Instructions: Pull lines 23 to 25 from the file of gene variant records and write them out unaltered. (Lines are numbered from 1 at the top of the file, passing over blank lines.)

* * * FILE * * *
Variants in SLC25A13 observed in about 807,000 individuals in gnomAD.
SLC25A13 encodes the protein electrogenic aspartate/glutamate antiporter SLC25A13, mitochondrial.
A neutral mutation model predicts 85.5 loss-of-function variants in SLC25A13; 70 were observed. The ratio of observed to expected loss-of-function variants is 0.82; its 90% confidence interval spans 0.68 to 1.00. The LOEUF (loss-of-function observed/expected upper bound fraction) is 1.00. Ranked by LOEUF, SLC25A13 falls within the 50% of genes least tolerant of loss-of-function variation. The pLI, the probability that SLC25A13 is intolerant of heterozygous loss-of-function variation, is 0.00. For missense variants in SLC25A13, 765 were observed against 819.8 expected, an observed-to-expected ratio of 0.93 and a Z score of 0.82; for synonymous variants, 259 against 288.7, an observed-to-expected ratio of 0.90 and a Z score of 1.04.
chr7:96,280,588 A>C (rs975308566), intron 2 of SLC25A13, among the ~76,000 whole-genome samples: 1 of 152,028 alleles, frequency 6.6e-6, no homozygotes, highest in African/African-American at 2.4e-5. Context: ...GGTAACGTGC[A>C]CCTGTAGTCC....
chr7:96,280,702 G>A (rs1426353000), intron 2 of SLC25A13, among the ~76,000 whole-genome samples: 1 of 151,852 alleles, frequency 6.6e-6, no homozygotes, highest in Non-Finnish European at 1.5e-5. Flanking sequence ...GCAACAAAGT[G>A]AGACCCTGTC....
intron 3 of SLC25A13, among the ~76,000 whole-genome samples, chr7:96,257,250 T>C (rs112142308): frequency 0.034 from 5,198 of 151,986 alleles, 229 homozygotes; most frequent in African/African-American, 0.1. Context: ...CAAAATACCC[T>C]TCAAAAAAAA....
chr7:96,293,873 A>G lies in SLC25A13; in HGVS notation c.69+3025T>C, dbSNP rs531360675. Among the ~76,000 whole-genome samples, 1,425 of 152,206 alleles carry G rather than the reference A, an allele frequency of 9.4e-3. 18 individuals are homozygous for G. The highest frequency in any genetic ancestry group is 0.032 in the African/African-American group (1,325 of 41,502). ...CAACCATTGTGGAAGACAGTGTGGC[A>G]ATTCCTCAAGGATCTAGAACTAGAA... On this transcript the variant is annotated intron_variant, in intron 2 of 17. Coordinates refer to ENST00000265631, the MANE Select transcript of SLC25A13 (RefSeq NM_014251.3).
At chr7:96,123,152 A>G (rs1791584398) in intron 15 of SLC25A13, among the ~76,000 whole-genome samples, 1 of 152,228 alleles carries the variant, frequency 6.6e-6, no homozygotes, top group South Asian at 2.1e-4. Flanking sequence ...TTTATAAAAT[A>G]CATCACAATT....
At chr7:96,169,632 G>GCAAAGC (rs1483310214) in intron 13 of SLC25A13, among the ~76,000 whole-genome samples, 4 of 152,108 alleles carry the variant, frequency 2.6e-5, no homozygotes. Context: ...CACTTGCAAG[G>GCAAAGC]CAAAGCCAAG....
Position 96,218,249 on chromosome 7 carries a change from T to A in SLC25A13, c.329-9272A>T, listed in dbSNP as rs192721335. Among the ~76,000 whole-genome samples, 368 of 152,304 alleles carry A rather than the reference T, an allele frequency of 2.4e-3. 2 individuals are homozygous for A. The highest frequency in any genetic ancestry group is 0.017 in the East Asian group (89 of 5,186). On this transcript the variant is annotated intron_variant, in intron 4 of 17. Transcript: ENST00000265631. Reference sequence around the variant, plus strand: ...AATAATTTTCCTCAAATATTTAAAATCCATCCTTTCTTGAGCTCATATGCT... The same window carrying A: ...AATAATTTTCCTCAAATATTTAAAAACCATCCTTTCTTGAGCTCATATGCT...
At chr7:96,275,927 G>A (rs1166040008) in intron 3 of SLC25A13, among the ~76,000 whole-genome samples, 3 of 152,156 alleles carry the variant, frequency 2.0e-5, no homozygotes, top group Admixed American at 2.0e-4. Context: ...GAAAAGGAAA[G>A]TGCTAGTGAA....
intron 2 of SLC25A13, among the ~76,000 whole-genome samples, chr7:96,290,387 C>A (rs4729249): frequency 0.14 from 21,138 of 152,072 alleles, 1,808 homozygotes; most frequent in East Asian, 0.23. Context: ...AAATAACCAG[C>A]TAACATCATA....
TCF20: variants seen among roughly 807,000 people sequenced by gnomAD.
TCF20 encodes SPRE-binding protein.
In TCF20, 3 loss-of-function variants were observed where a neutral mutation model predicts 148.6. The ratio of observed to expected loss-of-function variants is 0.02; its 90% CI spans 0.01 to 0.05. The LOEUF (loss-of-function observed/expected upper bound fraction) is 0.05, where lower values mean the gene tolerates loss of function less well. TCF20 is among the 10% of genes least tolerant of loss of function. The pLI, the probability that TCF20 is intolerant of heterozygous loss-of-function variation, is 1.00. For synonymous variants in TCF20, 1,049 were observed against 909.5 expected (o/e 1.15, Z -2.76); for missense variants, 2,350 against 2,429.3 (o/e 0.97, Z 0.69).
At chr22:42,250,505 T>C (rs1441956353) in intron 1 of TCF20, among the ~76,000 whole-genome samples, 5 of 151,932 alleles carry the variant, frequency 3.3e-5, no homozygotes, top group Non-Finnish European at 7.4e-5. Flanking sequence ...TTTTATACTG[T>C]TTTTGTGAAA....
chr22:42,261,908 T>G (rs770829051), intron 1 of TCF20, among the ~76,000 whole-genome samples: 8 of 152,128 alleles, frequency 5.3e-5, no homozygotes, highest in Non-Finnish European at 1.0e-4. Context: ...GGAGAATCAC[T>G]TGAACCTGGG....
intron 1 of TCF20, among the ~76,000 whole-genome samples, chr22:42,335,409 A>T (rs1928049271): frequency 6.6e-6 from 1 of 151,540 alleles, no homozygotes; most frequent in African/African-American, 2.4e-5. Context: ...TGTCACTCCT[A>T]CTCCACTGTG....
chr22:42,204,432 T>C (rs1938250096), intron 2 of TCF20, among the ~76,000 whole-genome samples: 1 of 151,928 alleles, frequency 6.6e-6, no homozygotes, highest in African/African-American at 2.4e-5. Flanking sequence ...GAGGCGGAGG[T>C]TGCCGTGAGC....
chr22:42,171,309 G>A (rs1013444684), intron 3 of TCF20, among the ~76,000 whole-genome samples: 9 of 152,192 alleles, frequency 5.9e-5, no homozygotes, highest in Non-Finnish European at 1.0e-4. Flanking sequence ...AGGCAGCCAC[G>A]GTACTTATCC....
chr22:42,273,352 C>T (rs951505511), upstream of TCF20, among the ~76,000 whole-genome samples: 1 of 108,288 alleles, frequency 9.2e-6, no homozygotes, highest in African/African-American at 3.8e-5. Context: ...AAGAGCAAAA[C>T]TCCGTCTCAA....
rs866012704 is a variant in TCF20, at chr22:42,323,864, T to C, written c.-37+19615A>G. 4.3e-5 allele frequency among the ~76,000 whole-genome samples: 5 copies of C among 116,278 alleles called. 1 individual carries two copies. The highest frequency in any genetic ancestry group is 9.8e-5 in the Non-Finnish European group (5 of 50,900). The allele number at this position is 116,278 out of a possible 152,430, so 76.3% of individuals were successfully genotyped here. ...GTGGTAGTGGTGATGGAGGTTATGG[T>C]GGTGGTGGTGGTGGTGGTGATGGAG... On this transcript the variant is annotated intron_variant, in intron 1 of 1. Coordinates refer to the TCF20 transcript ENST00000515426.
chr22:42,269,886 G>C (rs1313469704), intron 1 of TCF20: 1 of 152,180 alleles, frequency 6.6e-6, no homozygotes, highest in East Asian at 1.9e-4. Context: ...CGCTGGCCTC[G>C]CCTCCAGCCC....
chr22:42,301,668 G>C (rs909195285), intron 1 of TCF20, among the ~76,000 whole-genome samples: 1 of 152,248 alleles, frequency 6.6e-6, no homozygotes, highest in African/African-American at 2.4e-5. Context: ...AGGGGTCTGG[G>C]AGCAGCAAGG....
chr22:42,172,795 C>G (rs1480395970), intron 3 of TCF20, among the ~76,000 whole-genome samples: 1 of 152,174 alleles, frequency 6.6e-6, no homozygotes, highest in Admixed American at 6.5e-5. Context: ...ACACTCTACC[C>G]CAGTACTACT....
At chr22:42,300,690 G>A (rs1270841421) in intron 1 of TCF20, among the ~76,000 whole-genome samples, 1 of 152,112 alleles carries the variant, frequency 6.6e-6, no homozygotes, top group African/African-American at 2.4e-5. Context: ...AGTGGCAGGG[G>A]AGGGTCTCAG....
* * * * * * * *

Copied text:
chr22:42,269,886 G>C (rs1313469704), intron 1 of TCF20: 1 of 152,180 alleles, frequency 6.6e-6, no homozygotes, highest in East Asian at 1.9e-4. Context: ...CGCTGGCCTC[G>C]CCTCCAGCCC....
chr22:42,301,668 G>C (rs909195285), intron 1 of TCF20, among the ~76,000 whole-genome samples: 1 of 152,248 alleles, frequency 6.6e-6, no homozygotes, highest in African/African-American at 2.4e-5. Context: ...AGGGGTCTGG[G>C]AGCAGCAAGG....
chr22:42,172,795 C>G (rs1480395970), intron 3 of TCF20, among the ~76,000 whole-genome samples: 1 of 152,174 alleles, frequency 6.6e-6, no homozygotes, highest in Admixed American at 6.5e-5. Context: ...ACACTCTACC[C>G]CAGTACTACT....